According to the tenets of act utilitarianism, a moral act is something that results in the greatest amount of utility (for the greatest good) in which the end result is of equal or greater utility than any other possible act. In terms of facing imminent death, the alternatives are getting more solmn and less optimistic. The ultimate choice is between death under your own provisions, your own terms or prolonging life and increasing the burdensome presence, the pain, and the sacrifice of autonomy. This brings up a key consequence of the whole moral question of euthanasia, the importance of autonomy. Measures have to be taken and considered in weighing the moral autonomy of the patient, as well as the medical professional whom is assisting the suicide. However, how does one weigh one over the other? Does the terminally ill patient have mora superiority over a conscious doctor whom holds his own moral objections to euthanasia? These are serious questions that further the debate over the legalization of voluntary suicide.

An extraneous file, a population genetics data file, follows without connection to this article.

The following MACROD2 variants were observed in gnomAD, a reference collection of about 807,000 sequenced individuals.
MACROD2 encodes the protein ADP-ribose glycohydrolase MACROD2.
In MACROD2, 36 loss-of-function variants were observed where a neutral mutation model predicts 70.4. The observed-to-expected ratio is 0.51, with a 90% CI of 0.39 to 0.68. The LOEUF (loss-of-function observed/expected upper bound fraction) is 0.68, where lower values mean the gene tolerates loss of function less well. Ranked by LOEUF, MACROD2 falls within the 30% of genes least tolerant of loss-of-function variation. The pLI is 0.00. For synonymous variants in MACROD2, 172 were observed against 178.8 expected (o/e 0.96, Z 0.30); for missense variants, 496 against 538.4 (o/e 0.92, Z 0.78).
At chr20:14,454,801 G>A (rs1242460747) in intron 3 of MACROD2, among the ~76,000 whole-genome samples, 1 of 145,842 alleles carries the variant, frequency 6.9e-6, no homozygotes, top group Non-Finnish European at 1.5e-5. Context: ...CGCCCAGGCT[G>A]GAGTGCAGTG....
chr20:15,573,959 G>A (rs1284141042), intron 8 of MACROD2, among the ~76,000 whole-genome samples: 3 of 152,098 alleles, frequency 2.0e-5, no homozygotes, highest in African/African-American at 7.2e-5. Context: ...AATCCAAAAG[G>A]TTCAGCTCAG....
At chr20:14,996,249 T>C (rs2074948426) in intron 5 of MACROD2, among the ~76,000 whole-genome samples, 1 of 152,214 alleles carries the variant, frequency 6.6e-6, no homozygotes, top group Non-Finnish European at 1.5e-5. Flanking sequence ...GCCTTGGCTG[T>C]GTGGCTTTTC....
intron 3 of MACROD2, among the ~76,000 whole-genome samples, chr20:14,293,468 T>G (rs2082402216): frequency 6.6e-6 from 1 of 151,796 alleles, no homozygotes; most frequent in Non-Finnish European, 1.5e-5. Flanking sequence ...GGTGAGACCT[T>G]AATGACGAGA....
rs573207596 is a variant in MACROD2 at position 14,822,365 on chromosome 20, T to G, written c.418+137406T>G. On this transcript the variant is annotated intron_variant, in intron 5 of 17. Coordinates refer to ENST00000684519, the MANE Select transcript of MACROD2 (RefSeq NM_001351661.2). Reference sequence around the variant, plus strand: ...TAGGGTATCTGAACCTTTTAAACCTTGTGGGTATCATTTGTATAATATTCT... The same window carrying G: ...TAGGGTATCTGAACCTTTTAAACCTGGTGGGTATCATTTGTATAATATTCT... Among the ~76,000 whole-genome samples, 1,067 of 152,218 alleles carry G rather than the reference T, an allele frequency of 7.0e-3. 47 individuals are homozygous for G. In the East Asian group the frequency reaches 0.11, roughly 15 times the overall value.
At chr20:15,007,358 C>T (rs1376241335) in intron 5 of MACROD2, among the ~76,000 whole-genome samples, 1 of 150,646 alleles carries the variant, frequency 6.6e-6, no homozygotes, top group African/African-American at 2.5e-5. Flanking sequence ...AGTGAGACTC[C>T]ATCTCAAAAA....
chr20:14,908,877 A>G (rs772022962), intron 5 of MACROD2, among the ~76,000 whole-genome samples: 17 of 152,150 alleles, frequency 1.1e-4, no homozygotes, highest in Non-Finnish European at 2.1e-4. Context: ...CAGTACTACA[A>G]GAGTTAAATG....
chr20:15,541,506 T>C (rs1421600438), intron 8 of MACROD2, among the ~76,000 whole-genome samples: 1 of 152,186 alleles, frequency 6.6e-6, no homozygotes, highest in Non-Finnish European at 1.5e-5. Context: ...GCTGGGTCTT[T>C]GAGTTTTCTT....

In conclusion, the consequential evidence that evokes a sense of utilitarian pragmatism in evaluating life or death situations (in terms of terminal patients) must fall on the side of death. Death can be an escape from the immeasurable pains and burdens of life, and the greatest utility can often be found at the end of life, rather than the beginning. When weighing in the consequnces, the basic principles of utility require that we examine the mere quality of life, not simply the prolonging of it. Prolonging life without increasing quality directly, is a pointless and futile act, for what good is sheer abundance in something that does not bring us pleasure or enjoyment?